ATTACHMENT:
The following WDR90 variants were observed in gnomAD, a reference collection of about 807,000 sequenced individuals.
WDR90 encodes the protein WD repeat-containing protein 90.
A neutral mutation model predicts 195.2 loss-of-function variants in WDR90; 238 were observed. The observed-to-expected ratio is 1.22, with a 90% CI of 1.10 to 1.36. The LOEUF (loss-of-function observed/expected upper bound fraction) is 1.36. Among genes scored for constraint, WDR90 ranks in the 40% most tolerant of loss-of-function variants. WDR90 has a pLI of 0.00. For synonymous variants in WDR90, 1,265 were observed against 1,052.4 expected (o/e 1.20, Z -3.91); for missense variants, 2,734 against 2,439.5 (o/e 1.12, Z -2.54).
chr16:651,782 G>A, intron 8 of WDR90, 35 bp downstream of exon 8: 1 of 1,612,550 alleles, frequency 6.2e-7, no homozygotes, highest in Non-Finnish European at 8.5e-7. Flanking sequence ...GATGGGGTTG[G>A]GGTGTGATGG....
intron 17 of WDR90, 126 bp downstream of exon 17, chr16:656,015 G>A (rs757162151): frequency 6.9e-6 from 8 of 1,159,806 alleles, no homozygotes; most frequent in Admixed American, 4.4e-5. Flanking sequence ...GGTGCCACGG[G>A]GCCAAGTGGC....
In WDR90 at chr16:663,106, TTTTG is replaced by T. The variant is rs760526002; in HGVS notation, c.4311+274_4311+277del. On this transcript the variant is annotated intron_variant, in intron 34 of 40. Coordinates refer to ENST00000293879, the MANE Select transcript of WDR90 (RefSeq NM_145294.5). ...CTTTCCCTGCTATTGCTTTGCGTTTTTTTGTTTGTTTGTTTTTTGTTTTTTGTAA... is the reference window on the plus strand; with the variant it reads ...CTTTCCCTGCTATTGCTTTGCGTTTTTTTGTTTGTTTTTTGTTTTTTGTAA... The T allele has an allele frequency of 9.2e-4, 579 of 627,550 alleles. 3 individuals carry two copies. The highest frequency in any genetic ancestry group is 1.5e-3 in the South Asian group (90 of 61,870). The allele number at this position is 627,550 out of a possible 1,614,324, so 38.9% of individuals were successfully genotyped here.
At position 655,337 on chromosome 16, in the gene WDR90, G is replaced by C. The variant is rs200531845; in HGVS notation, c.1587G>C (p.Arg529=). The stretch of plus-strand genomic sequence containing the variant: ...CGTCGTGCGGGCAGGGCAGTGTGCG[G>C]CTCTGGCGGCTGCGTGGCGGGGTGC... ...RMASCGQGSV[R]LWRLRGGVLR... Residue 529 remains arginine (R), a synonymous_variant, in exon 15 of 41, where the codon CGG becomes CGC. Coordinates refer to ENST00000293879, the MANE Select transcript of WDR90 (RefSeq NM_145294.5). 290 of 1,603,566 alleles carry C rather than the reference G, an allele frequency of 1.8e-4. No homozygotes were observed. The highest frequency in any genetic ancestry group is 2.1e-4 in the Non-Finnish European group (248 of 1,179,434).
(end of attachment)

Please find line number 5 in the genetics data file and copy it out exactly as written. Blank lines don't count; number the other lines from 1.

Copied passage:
intron 17 of WDR90, 126 bp downstream of exon 17, chr16:656,015 G>A (rs757162151): frequency 6.9e-6 from 8 of 1,159,806 alleles, no homozygotes; most frequent in Admixed American, 4.4e-5. Flanking sequence ...GGTGCCACGG[G>A]GCCAAGTGGC....